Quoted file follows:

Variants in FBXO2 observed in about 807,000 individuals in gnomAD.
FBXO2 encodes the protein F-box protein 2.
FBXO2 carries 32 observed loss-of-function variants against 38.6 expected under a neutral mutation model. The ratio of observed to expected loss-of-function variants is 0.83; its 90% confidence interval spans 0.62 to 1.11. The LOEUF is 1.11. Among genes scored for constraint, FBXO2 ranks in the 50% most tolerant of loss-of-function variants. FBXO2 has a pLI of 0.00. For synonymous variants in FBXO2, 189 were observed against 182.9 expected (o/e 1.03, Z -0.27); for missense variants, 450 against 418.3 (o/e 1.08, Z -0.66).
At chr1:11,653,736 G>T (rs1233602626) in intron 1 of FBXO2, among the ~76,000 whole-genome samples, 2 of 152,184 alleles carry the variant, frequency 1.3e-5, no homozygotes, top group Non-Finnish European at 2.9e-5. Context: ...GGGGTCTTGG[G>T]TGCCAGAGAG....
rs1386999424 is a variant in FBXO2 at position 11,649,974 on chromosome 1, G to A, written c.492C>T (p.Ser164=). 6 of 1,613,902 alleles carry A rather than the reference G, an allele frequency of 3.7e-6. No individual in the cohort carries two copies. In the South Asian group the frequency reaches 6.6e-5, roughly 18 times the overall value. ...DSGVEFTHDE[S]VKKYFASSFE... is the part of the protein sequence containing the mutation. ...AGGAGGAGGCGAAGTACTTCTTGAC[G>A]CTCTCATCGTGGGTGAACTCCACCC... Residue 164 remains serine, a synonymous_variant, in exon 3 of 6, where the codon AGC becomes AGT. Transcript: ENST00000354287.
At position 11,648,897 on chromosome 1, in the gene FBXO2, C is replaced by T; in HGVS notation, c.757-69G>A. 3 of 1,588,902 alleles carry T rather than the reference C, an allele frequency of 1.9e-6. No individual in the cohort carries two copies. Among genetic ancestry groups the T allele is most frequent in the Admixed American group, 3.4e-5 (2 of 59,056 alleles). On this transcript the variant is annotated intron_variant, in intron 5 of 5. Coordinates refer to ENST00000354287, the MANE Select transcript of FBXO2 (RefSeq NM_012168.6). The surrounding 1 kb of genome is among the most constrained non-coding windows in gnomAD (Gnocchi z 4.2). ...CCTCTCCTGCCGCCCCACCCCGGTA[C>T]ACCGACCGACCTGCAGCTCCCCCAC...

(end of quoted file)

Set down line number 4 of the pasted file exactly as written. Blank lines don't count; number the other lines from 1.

At chr1:11,653,736 G>T (rs1233602626) in intron 1 of FBXO2, among the ~76,000 whole-genome samples, 2 of 152,184 alleles carry the variant, frequency 1.3e-5, no homozygotes, top group Non-Finnish European at 2.9e-5. Context: ...GGGGTCTTGG[G>T]TGCCAGAGAG....